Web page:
Abel Tasman National Park, New Zealand
- New Zealand – here we come
- New Zealand 1: Auckland
- Bay of Islands, New Zealand
- Fawlty Towers in New Zealand
- Life is good in New Zealand
- Fairy Tales in New Zealand
- Mordor, Tongariro – New Zealand
- Lights in New Plymouth, New Zealand
- Hiking another great mountain in New Zealand
- Food for Belgians in New Zealand
- Whales in New Zealand
- Abel Tasman National Park, New Zealand
- New Zealand, West, too fast
- these shoes are made for walking (New Zealand 15)
- Tourists in New Zealand!
- Close Encounters in New Zealand
- The Itinerary of a 4 week New Zealand trip
- Happy Feet, New Zealand
- Turquoise Lake, New Zealand
- The end of our New Zealand trip
Today, our New Zealand adventures bring us in the Abel Tasman National Park. We travel by kayak to unseen beauty.
This morning, we had a good breakfast and the great company of Richard, the host of the Wairepo house in Tasman. We called the kayak company and all lights were green – we could go ahead and face the sea by kayak. So we drove off to Kaiteriteri, a village about 25 minutes away from the B&B.
Craig, our guide, showed us the base principles of sea kayaking, gave us the safety jackets and we could leave for the split apple rock in a bay at about 45 minutes form the shore where we left. Our group was only two kayaks and the guide in his kayak. But the two girls that manned the other kayak had never met and one of them understood as good English as I understand Mandarine Chinese – zip, nothing, nul… The both of them actually making it to the rock can be considered a miracle. The Kiwi girl that was blessed with the stranger wasn’t the happiest face we have seen recently…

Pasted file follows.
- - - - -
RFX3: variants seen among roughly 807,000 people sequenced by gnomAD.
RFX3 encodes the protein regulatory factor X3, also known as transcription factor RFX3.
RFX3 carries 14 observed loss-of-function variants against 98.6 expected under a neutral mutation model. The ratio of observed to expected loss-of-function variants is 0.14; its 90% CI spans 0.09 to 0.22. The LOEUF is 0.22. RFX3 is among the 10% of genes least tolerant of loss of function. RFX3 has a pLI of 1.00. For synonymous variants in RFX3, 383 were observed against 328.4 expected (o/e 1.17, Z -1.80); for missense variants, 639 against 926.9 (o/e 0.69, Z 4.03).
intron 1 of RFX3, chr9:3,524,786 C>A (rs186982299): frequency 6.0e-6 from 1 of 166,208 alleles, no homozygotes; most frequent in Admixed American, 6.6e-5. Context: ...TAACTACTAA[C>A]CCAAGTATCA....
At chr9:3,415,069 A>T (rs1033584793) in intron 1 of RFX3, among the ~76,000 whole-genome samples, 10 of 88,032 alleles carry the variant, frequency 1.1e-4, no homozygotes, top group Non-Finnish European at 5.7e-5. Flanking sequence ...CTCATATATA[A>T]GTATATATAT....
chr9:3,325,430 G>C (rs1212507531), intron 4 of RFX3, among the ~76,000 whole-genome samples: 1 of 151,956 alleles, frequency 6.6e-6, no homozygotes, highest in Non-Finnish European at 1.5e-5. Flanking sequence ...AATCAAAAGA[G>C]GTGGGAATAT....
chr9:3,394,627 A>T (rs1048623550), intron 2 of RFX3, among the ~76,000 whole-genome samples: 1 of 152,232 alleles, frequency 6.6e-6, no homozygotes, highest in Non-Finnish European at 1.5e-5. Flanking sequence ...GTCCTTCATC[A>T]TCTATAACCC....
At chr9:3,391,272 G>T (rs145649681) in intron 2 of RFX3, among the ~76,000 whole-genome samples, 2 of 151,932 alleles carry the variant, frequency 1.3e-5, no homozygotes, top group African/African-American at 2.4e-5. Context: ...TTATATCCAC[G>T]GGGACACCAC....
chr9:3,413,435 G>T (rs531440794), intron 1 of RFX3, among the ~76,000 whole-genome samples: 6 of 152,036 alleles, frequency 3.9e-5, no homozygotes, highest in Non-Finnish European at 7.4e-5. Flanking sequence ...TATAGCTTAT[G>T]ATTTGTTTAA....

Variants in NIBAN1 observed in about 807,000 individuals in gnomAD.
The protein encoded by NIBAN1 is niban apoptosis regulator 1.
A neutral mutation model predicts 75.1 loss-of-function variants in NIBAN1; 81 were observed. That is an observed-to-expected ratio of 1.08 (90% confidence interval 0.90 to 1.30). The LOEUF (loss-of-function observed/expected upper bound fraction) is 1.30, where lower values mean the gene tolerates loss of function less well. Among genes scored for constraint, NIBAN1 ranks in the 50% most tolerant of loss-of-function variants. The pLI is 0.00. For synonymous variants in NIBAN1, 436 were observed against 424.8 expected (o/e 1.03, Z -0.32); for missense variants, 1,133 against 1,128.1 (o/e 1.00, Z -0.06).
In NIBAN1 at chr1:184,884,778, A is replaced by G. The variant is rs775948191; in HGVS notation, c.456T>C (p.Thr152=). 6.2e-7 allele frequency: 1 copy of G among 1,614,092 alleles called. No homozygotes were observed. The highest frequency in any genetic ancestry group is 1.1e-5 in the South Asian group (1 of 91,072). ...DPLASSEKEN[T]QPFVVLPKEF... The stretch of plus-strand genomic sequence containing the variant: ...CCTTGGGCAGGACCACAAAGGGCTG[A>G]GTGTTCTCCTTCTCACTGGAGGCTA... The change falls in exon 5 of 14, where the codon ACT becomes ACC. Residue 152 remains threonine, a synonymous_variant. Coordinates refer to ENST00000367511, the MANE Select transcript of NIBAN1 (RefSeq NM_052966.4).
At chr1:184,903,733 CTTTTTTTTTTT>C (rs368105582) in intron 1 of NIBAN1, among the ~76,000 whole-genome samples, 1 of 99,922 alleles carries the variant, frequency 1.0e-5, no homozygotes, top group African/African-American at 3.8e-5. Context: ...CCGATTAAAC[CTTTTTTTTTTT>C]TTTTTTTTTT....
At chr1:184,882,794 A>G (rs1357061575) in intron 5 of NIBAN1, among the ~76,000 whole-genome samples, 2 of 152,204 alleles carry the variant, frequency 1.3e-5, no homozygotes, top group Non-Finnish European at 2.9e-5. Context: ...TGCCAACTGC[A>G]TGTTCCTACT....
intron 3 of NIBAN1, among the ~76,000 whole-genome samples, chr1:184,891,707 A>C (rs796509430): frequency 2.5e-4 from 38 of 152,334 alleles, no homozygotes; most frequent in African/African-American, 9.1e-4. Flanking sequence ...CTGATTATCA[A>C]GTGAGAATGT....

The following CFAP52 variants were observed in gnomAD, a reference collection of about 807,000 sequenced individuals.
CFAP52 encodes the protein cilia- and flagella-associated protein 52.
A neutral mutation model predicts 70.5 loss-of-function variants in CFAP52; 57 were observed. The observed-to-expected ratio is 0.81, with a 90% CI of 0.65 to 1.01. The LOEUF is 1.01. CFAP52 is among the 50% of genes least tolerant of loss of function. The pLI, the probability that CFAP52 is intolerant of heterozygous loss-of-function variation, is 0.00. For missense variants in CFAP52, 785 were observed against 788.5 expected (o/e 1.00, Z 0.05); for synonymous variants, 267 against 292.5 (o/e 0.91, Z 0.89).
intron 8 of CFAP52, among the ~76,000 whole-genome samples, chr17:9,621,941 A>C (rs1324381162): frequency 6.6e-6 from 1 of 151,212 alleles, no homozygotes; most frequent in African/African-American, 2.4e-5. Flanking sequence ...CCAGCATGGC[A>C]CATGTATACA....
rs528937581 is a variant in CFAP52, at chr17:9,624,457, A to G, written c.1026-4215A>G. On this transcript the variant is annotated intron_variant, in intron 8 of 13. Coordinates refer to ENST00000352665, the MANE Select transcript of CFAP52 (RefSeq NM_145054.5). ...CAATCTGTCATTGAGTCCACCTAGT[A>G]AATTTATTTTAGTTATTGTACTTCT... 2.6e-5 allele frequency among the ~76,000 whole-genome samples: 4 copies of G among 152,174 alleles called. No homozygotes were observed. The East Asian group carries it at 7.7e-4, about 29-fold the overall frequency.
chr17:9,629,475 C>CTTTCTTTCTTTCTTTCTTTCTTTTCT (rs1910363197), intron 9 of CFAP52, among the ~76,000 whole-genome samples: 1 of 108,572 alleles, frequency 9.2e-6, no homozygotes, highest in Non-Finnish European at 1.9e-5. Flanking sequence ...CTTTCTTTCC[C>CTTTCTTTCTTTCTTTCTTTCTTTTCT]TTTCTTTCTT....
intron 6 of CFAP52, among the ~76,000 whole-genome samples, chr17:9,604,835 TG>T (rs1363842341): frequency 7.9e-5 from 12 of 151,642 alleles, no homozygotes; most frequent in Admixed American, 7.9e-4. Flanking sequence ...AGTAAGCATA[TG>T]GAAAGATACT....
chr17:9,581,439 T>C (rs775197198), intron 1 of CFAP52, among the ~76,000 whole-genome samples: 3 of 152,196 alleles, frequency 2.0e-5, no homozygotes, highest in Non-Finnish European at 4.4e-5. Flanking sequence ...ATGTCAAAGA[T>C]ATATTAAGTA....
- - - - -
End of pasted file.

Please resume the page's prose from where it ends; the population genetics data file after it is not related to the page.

The stories on the split rock are very divers. The nicest one is based on a Maori story, that the god of the sea and the god of the land could not agree on who owned the rock. While fighting, they split it. And now at high tide the rock belongs to the god of the sea – at low tide it belongs to the god of the land. We reached it when it was high tide and then indeed the apple seems to float on the sea.
We made it back to the beach of kaiteriteri and had something that was given as a lunchbox, but neither Vicky or I could find the parts in it that could actually be eaten. So we went on the afternoon journey with a little hunger.
Water-taxis are the most popular means of transportation for day-tourists such as ourselves. People that stay multiple days in the Abel Tasman National Park use kayaks to paddle to camp grounds. If we come back to New Zealand, that’s what we would love to do here as well. But now we managed the afternoon with a water-taxi. First stop: the seal colony in the marine reserve in the Abel Tasman National Park. And then on to the Onetahuti beach.
Our taxi dropped us here and we walked in the rain forest to the Bark Bay, where we were picked up after a couple of hours.
Back in the B&B, the internet was back up and we could upload some of our pictures. Just briefly, as we had reservations in the Apple Shed for the second day in a row. We made it back home and dreamed of kayaks and split apples. Why apples are the key element here, is a story for tomorrow.
Tasman, New Zealand the 19th of January 2011